kids

'The cool method' is the parenting hack to use every time your kid says "No!"

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Thanks to our brand partner, Hydralyte

The words “no, Max” must have left my mouth 22 million times. It made no difference.

At full pelt, my two-year-old son ran at a tower of toilet rolls, smashing the packs in all directions as his manic laugh boomed into every corner of the supermarket.

It’s great fun knocking over towers of bog roll. It’s even more fun to do it when mum has said “no”. I get it. But for the love of the parenting gods, couldn’t my little dude just listen to me once in his short little life?

And I know I’m not alone. Every parent I talk to could wax lyrical about how their young children create such euphoric levels of love while also plunging them into blood-boiling despair when they dig their heels in. My “no” means nothing when he has his cheeky, misbehaving “no!”.

I won’t dress it up. I have a serious patience tester on my hands. The words ‘strong willed’ have been used constantly since a few days after he was born and he bucked off the swaddled blankets wrapped by a midwife known as the “best swaddler in the ward”.

I can’t wait until his iron will, mixed with his low level needs for sleep, means he has the perfect stamina to be a CEO or maybe even Prime Minister one day. But until then, what?

parenting hacks for toddlers
The two-year-old CEO of my house. Image: Supplied.

Well, my prayers were answered when I just kind of stumbled upon a simple parenting hack that has managed to diminish the daily battles and ensured the supermarket stand-offs have disappeared.

Yep, I’m winning over here, people. Winning.

So, what is this magic I talk of? What wizardry could possibly work to get a toddler to step into formation? It’s called the “cool method”.

Meeting defiance with defiance doesn’t work, I’ve found. And in my experience, neither does the “options” method. When I tried it and asked Max what shoes he wanted to wear, out of an option of blue and red his answer was: “Diggers?”

So instead I’ve just started being, like, totally cool.

If he cries when I put dinner out because it isn’t cut properly, I just say “Cool, I’ll pop it in the kitchen until you’re ready” and it takes maybe a minute before he is asking for it back.

When he wants to run into a tower of toilet rolls, I turn on my heel and simply say, “Cool, I’m going this way, Max” and he soon starts to follow me.

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And it works wonders when they refuse to get in the car. I just say, “Cool, see you at home” and before I know it, he’s in there, buckled up and ready not to live the rest of his life alone in a car park.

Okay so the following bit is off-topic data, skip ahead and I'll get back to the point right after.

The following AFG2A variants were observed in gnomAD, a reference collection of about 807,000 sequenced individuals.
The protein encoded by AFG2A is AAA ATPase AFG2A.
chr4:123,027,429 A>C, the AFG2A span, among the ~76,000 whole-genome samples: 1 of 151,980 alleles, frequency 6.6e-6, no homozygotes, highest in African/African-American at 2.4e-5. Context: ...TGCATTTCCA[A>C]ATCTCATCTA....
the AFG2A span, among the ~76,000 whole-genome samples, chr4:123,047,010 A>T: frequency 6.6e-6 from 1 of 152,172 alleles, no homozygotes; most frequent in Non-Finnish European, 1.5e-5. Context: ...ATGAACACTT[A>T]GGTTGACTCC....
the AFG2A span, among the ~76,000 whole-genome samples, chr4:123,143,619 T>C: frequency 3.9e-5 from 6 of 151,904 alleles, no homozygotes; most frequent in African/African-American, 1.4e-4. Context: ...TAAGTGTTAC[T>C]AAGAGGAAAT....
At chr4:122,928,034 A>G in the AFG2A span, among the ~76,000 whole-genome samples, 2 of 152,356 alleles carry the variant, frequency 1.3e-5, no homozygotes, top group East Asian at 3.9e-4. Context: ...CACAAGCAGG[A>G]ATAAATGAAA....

parenting hacks for toddlers
Oh you won't smile for my selfie? Cool. Image: Supplied.

It also helped on the weekend when my son decided to create a real-life version of the age-old proverb: “You can lead a horse to water but you can’t make it drink it”.

He was sick with a cold and fever and flatly refused to drink anything.

Sick kids make us parents freak out. Sick kids that need to keep the fluids up but refuse are actually the most stressful thing in the world. You start worrying about dehydration and when to hit the hospital.

And just an FYI, here are the signs for dehydration: Cracked lips, heavy sweating, the passing of limited urine and a floppy and drowsy child. So if you’re facing that at any point, start looking at getting some professional help.

Anyway, I digress. I just sat next to him and said “Cool, I’ll just have this lemonade Hydralyte ice-block”. Yes, the same stuff you used to drink at your desk the day after drinking too many margaritas on a school night. You know, in the years before your social life died just as your child was born.

It took five seconds before Max was taking it off my hands and devouring it himself. Why? Because it’s a universal understanding that once you’ve had a child, you will never, ever finish a meal/drink/treat without their cute chubby fingers reaching out and saying: “Me? Me? My turn?”

Next time I'll try the same method if he needs a ticket out of vom-town - Hydralyte now has colour-free lemonade electrolyte powders and dissolving tablets. "Cool, I'll have your sippy cup, that looks delicious Max."

Now, I'm not saying the cool approach is failsafe. But for a strong-willed toddler who's used to giving a "No" back to mum's "Nos", playing it cool is exactly what he doesn't expect mum to do.

Well, this whole parenting thing is trial and error though, isn't it?

The cool approach, people. It works. And you’re welcome.

What's your approach to "No!"? Tell us below!

Hydralyte: Always read the label. Follow the directions for use. If symptoms persist, talk to your health professional.

Hydralyte

Did you know that your body only needs to lose as little as 2% of its total body weight through fluid before the signs and symptoms of dehydration start to appear?
Head over to www.hydralyte.com.au

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